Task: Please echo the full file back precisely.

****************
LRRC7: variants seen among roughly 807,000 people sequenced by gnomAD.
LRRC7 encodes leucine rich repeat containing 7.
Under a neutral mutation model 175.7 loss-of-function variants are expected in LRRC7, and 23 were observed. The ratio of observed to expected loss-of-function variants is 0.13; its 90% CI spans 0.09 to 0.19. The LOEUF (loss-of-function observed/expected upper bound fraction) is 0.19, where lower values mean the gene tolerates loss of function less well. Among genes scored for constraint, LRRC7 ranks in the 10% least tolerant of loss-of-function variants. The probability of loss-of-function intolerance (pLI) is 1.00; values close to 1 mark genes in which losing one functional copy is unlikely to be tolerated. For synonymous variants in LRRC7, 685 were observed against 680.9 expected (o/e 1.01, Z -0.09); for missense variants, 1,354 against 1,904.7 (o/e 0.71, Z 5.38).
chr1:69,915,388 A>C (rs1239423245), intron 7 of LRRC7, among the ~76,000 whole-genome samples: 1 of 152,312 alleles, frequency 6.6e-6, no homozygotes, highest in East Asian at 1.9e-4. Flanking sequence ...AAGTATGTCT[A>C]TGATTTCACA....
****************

LRRC7: variants seen among roughly 807,000 people sequenced by gnomAD.
LRRC7 encodes leucine rich repeat containing 7.
Under a neutral mutation model 175.7 loss-of-function variants are expected in LRRC7, and 23 were observed. The ratio of observed to expected loss-of-function variants is 0.13; its 90% CI spans 0.09 to 0.19. The LOEUF (loss-of-function observed/expected upper bound fraction) is 0.19, where lower values mean the gene tolerates loss of function less well. Among genes scored for constraint, LRRC7 ranks in the 10% least tolerant of loss-of-function variants. The probability of loss-of-function intolerance (pLI) is 1.00; values close to 1 mark genes in which losing one functional copy is unlikely to be tolerated. For synonymous variants in LRRC7, 685 were observed against 680.9 expected (o/e 1.01, Z -0.09); for missense variants, 1,354 against 1,904.7 (o/e 0.71, Z 5.38).
chr1:69,915,388 A>C (rs1239423245), intron 7 of LRRC7, among the ~76,000 whole-genome samples: 1 of 152,312 alleles, frequency 6.6e-6, no homozygotes, highest in East Asian at 1.9e-4. Flanking sequence ...AAGTATGTCT[A>C]TGATTTCACA....